Education.—Education, treated of in Section 93 of the Act, has been the subject of many long and able controversies both in parliament and in the courts. The first section of this celebrated enactment is as follows: “In and for each province the legislature may exclusively make laws in relation to education, subject and according to the following provisions:—

(1) Nothing in any such law shall prejudicially affect any right or privilege with respect to denominational schools which any class of persons have by law in the province at the union.

(2) All the powers, privileges and duties at the union by law conferred and imposed in Upper Canada on the separate schools and school trustees of the Queen's Roman Catholic subjects shall be, and the same are hereby extended to the dissentient schools of the Queen's Protestant and Roman Catholic subjects in Quebec.

(3) Where in any province a system of separate or dissentient schools exist by law at the union or is thereafter established by the legislature of the province, an Appeal shall lie to the Governor-General in Council from any act or decision of any provincial authority affecting any right or privilege of the Protestant or Roman Catholic minority of the Queen's subjects in relation to education.

(4) In case any such provincial law as from time to time seems to the Governor-General in Council requisite for the due execution of the provisions of this Section is not made, or in case any decision of the Governor-General in Council on any appeal under this Section is not duly executed by the proper provincial authority in that behalf, then and in every such case, and as far only as the circumstances of each case require, the Parliament of Canada may make remedial laws for the due execution of the provisions of this Section and of any decision of the Governor- General in Council under this Section.”

The purpose of these sections was to preserve to a religious minority in any province the same privileges and rights in regard to education which it had at the date of Confederation, but the provincial legislatures were not debarred from legislating on the subject of separate schools provided they did not thereby prejudicially affect privileges, previous to Confederation, enjoyed by such schools in the province.

As to the legal and other controversies affecting these questions the student may consult Hansard between 1890 and 1897, “Wheeler’s Privy Council Cases,” pp. 370 to 388, Supreme Court Reports, Vol. 19, and other authorities of a like nature.

Agriculture and immigration may be legislated upon by both the parliament and the legislatures, but any provincial law on these subjects shall remain in effect in the province only so far as it is not repugnant to any Act of the Parliament of Canada.

Judicature.—Sections 96-100 deal with the appointment, salaries and pensions of the judiciary. The judges (except of courts of probate) are to be appointed by the Dominion Government from the respective Bars of the provinces and to hold office during good behaviour, but may be removed only on an Address by the Senate and the House of Commons. Parliament also fixes their salaries.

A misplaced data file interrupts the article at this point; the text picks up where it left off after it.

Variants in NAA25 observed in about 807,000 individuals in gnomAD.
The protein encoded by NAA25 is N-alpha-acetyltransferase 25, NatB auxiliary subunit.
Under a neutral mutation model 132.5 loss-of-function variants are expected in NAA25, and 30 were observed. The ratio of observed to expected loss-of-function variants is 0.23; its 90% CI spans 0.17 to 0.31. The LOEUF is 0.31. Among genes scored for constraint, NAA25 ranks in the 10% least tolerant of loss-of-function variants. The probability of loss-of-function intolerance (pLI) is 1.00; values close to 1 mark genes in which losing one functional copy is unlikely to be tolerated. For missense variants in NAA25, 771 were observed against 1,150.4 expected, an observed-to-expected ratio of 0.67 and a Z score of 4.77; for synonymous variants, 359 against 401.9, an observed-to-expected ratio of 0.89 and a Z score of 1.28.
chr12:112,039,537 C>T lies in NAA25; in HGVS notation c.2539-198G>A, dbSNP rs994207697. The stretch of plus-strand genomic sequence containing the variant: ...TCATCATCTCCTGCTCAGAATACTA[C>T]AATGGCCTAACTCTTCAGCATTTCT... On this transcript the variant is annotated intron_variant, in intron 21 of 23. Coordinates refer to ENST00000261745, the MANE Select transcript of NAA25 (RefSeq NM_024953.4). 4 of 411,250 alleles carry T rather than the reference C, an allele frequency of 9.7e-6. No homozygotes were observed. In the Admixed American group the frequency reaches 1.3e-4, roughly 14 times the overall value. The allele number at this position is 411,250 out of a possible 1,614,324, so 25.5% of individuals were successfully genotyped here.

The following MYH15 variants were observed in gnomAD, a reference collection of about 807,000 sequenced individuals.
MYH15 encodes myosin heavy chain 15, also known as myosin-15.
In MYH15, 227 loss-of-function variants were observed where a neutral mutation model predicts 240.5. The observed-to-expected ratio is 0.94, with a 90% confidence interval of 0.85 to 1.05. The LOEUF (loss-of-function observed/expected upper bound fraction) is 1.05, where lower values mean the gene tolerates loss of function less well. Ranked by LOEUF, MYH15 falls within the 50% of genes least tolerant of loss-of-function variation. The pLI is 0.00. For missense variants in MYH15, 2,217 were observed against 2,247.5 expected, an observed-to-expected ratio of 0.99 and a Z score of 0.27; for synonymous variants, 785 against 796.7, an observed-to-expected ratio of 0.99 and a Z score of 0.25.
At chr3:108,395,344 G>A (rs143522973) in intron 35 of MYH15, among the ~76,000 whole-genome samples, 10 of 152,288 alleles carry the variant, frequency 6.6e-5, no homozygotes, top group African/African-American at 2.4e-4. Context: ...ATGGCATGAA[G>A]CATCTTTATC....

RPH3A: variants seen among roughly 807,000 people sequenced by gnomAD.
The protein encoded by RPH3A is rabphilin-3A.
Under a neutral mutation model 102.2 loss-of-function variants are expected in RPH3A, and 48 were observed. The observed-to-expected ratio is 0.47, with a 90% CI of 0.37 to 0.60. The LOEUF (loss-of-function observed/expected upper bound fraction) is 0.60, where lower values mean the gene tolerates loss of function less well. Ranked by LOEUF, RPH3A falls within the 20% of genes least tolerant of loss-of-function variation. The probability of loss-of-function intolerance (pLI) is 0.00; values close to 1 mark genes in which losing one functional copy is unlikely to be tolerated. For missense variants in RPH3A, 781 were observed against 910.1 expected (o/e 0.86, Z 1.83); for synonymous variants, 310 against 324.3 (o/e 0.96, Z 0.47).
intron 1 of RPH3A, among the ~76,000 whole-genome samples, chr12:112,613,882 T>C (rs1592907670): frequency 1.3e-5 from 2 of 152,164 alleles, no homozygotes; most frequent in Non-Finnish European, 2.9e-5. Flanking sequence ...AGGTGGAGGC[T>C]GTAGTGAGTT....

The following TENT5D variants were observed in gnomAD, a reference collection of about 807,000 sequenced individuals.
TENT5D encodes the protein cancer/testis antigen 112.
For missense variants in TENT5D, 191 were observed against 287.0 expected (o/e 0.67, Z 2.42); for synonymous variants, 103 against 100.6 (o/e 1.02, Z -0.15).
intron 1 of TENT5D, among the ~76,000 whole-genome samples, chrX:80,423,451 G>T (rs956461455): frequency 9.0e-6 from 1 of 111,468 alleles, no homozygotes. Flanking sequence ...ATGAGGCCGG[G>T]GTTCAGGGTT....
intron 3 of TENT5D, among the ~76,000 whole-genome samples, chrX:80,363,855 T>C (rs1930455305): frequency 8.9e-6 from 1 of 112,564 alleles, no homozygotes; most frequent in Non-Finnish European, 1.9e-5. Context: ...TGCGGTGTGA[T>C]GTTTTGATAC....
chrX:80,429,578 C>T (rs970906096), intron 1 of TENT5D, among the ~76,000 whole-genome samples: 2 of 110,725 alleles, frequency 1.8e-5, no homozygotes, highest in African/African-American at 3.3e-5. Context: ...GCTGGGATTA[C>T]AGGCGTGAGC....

Portrait of Sir Oliver Mowat

The Federal Parliament, being empowered by Sec. 101 to establish a general Court of Appeal and other courts as may be necessary, passed an Act in 1875 establishing the Supreme Court of Canada and conferring upon the judges of the court the powers of an Exchequer Court which was at the same time set up. In 1877, however, these courts were separated and the Exchequer Court of Canada, with one judge, a registrar and other proper officers, was established. In 1912 a second judge was added to this court under the title of Assistant Judge.

The Supreme Court of Canada has appellate jurisdiction from all the courts of the provinces. The Governor-General in Council may refer questions to this court. The judgment of the Supreme Court is final in criminal matters. This court has also jurisdiction in cases of controversies between the provinces and the Dominion, and in certain cases between the provinces themselves. There is an appeal from the Supreme Court in civil cases, under certain limitations, to the Privy Council in England. The Privy Council also entertains appeals direct from the provincial Appeal Courts without the intervention of the Supreme Court of Canada. The decisions of the Supreme Court of Canada and of the Judicial Committee of the Privy Council of England form a mass of most valuable and important declarations of law as to the constitution of Canada and as to the varied powers of the Federal and provincial legislatures.

Provincial Finances.—The revenues, debts, assets and taxation of the Dominion are regulated and administered under the provisions of Part VIII of the British North America Act, 1867, and the Amending Act of 1907.

The provincial debts and sources of revenue, except those especially reserved to the provinces, were assumed by the Dominion, as were also the public works, cash assets and other property of the provinces, except lands, mines, minerals and royalties belonging to the old provinces of Canada, Nova Scotia, and New Brunswick at the union.

The Dominion pays yearly to the several provinces sums of money for the support of their governments and legislatures, details of which are set out in the above mentioned Acts and in the various Acts under which new provinces were taken into the confederation. The amounts of these various payments and subsidies are annually set forth in the Public Accounts and submitted to Parliament at each session by the Minister of Finance.